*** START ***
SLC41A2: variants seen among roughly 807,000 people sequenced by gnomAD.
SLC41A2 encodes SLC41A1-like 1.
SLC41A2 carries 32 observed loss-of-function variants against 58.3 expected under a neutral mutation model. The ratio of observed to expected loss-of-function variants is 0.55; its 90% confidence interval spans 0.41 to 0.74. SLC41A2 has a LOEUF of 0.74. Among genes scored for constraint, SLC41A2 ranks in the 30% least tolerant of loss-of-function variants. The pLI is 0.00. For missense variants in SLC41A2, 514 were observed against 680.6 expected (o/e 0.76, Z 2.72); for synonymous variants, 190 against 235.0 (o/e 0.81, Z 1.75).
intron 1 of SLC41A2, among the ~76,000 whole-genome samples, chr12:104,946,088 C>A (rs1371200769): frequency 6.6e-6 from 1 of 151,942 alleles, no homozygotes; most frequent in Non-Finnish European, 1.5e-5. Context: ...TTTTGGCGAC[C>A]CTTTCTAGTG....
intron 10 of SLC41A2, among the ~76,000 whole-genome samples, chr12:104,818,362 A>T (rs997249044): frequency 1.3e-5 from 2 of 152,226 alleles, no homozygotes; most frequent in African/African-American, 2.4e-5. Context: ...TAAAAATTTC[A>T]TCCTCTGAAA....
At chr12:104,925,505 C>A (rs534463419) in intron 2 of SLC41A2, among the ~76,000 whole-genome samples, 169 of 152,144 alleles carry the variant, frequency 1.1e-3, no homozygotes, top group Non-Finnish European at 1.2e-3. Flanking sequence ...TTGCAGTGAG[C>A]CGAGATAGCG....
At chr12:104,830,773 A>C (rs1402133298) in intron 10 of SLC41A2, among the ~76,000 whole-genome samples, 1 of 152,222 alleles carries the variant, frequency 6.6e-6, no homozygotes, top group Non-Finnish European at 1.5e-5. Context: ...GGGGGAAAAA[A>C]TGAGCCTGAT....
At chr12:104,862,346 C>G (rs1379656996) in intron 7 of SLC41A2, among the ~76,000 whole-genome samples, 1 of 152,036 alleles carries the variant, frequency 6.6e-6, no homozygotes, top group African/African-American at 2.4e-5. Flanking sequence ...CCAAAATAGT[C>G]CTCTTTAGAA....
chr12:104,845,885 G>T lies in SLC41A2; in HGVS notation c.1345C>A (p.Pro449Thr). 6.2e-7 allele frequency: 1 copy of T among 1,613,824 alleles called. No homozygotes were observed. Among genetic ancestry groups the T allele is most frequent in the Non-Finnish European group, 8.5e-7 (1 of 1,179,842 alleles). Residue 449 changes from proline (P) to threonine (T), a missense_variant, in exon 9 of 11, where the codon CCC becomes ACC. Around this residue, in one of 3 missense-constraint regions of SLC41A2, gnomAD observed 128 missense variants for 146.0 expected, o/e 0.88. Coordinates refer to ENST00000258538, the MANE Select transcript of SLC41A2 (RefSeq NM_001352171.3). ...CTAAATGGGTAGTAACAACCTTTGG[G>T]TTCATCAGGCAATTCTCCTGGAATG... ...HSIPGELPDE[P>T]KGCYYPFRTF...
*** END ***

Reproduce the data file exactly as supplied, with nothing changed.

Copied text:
SLC41A2: variants seen among roughly 807,000 people sequenced by gnomAD.
SLC41A2 encodes SLC41A1-like 1.
SLC41A2 carries 32 observed loss-of-function variants against 58.3 expected under a neutral mutation model. The ratio of observed to expected loss-of-function variants is 0.55; its 90% confidence interval spans 0.41 to 0.74. SLC41A2 has a LOEUF of 0.74. Among genes scored for constraint, SLC41A2 ranks in the 30% least tolerant of loss-of-function variants. The pLI is 0.00. For missense variants in SLC41A2, 514 were observed against 680.6 expected (o/e 0.76, Z 2.72); for synonymous variants, 190 against 235.0 (o/e 0.81, Z 1.75).
intron 1 of SLC41A2, among the ~76,000 whole-genome samples, chr12:104,946,088 C>A (rs1371200769): frequency 6.6e-6 from 1 of 151,942 alleles, no homozygotes; most frequent in Non-Finnish European, 1.5e-5. Context: ...TTTTGGCGAC[C>A]CTTTCTAGTG....
intron 10 of SLC41A2, among the ~76,000 whole-genome samples, chr12:104,818,362 A>T (rs997249044): frequency 1.3e-5 from 2 of 152,226 alleles, no homozygotes; most frequent in African/African-American, 2.4e-5. Context: ...TAAAAATTTC[A>T]TCCTCTGAAA....
At chr12:104,925,505 C>A (rs534463419) in intron 2 of SLC41A2, among the ~76,000 whole-genome samples, 169 of 152,144 alleles carry the variant, frequency 1.1e-3, no homozygotes, top group Non-Finnish European at 1.2e-3. Flanking sequence ...TTGCAGTGAG[C>A]CGAGATAGCG....
At chr12:104,830,773 A>C (rs1402133298) in intron 10 of SLC41A2, among the ~76,000 whole-genome samples, 1 of 152,222 alleles carries the variant, frequency 6.6e-6, no homozygotes, top group Non-Finnish European at 1.5e-5. Context: ...GGGGGAAAAA[A>C]TGAGCCTGAT....
At chr12:104,862,346 C>G (rs1379656996) in intron 7 of SLC41A2, among the ~76,000 whole-genome samples, 1 of 152,036 alleles carries the variant, frequency 6.6e-6, no homozygotes, top group African/African-American at 2.4e-5. Flanking sequence ...CCAAAATAGT[C>G]CTCTTTAGAA....
chr12:104,845,885 G>T lies in SLC41A2; in HGVS notation c.1345C>A (p.Pro449Thr). 6.2e-7 allele frequency: 1 copy of T among 1,613,824 alleles called. No homozygotes were observed. Among genetic ancestry groups the T allele is most frequent in the Non-Finnish European group, 8.5e-7 (1 of 1,179,842 alleles). Residue 449 changes from proline (P) to threonine (T), a missense_variant, in exon 9 of 11, where the codon CCC becomes ACC. Around this residue, in one of 3 missense-constraint regions of SLC41A2, gnomAD observed 128 missense variants for 146.0 expected, o/e 0.88. Coordinates refer to ENST00000258538, the MANE Select transcript of SLC41A2 (RefSeq NM_001352171.3). ...CTAAATGGGTAGTAACAACCTTTGG[G>T]TTCATCAGGCAATTCTCCTGGAATG... ...HSIPGELPDE[P>T]KGCYYPFRTF...